The following are 5 popular topics that are published on Google and Arts and Culture. It is one of my favourite parts of the Google universe.

1. Leonardo da Vinci

Leonardo da Vinci – Google Arts & Culture

Leonardo di ser Piero da Vinci, known as Leonardo da Vinci, was an Italian polymath of the Renaissance whose areas of interest included invention, drawing, painting, sculpture, architecture, science, music, mathematics, engineering, literature, anatomy, geology, astronomy, botany, paleontology, and cartography.

2. Pop art

Pop art – Google Arts & Culture

International movement in painting, sculpture and printmaking. The term originated in the mid-1950s at the ICA, London, in the discussions held by the Independent Group concerning the artefacts of popular culture. This small group included the artists Richard Hamilton and Eduardo Paolozzi as well as architects and critics.

3. Impressionism

4. Cubism

Cubism - Google Arts & Culture

Term derived from a reference made to 'geometric schemas and cubes' by the critic Louis Vauxcelles in describing paintings exhibited in Paris by Georges Braque in November 1908; it is more generally applied not only to work of this period by Braque and Pablo Picasso but also to a range of art produced in France during the later 1900s, the 1910s and the early 1920s and to variants developed in other countries.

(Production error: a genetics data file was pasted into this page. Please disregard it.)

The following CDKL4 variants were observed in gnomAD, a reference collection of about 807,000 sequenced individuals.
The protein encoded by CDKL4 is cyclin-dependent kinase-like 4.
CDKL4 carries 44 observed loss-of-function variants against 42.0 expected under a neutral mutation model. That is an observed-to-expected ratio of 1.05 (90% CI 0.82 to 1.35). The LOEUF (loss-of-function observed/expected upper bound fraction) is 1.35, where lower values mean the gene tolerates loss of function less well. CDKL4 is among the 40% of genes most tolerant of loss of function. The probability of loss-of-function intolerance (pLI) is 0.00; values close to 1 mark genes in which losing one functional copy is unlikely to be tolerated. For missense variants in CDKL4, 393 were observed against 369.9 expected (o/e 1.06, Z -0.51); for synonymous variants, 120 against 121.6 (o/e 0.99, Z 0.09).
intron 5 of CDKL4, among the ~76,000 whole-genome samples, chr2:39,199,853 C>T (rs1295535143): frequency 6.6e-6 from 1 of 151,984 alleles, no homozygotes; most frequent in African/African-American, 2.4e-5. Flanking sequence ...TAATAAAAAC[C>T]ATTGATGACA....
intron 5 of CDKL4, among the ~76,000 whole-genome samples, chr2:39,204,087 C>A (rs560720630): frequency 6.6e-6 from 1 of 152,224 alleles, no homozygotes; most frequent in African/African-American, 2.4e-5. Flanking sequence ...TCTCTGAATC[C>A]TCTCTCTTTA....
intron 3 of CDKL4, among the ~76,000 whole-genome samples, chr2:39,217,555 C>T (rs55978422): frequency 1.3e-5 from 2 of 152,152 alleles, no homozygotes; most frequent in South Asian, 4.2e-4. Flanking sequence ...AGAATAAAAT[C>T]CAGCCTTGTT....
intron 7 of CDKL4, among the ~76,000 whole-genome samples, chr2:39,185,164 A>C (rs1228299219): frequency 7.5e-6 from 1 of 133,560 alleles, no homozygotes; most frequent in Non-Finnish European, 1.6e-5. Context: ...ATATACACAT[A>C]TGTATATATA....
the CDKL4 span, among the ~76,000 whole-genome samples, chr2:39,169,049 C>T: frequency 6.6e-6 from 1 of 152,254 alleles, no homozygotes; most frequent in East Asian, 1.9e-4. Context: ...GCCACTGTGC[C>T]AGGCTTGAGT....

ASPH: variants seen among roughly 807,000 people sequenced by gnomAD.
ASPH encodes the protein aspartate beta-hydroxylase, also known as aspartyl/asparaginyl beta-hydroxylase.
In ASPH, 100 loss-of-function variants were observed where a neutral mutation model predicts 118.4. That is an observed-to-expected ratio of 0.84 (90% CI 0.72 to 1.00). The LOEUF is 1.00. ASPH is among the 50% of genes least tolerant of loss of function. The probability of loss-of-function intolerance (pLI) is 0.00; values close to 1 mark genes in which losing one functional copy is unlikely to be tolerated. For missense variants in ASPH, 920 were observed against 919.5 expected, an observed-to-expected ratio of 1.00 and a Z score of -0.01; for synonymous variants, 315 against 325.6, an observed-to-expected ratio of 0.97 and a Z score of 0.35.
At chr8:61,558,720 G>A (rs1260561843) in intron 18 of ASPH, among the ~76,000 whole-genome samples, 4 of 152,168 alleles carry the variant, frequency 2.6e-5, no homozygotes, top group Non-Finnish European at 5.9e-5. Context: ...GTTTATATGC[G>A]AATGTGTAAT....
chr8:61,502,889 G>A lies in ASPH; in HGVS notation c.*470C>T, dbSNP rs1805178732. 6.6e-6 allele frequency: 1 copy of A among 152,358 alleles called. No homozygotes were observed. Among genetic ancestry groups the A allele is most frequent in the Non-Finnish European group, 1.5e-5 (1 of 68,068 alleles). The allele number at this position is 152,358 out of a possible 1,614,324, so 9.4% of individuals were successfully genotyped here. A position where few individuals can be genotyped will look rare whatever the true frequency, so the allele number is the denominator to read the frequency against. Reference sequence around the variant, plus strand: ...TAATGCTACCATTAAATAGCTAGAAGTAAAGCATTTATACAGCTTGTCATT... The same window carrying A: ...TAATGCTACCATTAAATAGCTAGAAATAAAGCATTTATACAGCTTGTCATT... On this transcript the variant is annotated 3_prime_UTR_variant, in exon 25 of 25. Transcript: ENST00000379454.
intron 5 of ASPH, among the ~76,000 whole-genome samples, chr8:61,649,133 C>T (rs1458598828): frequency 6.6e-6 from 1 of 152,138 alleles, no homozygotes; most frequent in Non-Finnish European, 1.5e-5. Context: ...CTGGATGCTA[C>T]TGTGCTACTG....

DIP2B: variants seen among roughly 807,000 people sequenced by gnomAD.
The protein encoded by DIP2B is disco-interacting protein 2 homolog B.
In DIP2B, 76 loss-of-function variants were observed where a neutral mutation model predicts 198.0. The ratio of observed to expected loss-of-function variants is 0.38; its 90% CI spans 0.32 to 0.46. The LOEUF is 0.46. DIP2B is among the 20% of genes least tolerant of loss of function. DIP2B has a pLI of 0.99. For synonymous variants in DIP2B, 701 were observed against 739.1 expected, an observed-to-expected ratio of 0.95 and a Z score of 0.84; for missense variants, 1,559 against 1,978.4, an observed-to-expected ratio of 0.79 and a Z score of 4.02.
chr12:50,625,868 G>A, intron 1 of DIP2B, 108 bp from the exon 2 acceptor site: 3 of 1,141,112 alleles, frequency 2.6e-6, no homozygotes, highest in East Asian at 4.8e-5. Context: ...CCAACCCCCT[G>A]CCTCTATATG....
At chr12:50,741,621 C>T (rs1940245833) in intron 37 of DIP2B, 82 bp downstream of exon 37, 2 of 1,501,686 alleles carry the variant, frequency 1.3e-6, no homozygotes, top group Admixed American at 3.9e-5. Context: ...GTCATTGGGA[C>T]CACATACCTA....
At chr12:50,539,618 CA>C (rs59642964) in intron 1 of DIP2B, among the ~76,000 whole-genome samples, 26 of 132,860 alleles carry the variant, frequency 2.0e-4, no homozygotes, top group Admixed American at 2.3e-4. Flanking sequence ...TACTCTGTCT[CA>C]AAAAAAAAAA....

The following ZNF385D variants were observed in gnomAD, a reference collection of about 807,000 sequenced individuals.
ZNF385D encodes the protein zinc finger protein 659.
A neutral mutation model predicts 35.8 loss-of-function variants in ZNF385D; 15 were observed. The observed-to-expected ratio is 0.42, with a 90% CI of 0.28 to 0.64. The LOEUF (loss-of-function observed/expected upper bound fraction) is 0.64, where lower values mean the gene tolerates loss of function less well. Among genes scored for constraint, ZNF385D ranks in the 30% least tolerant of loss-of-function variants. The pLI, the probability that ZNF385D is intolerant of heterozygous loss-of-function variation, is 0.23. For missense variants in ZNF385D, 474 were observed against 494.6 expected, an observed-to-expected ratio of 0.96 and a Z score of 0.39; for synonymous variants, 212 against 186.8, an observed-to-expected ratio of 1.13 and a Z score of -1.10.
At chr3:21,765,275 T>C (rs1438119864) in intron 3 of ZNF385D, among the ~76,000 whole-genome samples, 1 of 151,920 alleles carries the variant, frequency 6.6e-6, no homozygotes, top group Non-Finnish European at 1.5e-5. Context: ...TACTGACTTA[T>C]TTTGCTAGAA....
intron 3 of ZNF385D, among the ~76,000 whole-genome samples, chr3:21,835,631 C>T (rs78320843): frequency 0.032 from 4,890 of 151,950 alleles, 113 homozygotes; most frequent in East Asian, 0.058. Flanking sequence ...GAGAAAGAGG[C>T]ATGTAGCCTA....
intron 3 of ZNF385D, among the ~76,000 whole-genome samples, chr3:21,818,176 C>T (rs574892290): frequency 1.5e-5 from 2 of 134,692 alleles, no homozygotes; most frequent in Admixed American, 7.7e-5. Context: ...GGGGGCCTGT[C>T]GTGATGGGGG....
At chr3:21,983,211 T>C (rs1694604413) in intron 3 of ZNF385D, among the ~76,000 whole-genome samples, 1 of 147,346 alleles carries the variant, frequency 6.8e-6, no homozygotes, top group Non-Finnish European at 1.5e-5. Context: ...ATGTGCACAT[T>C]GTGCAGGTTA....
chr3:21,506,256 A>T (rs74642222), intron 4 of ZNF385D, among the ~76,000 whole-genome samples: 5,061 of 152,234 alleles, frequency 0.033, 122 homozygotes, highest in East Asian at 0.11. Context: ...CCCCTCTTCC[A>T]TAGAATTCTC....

5. Art Nouveau

Art Nouveau - Google Arts & Culture

Decorative style of the late 19th century and the early 20th that flourished principally in Europe and the USA. Although it influenced painting and sculpture, its chief manifestations were in architecture and the decorative and graphic arts, the aspects on which this survey concentrates.

Cubism: Colour Library - Encyclopedia of Design

Cubism was one of the most influential movement in Western art this century. Beginning with the revolutionary experiments of Picasso and Braque in Paris between 1906 and 1908, cubism gathered momentum and soon spread to the rest of Europe and America.

French fabrics in the art deco style - Encyclopedia of Design

Ruhlmann used the same basic motif-a stylized Cedar of Lebanon tree set within an irregular circle-on this textile and related wallpaper (MMA 2005.334), though on the textile each motif is offset by an added circle of dots. The pattern was produced in alternate colorways.

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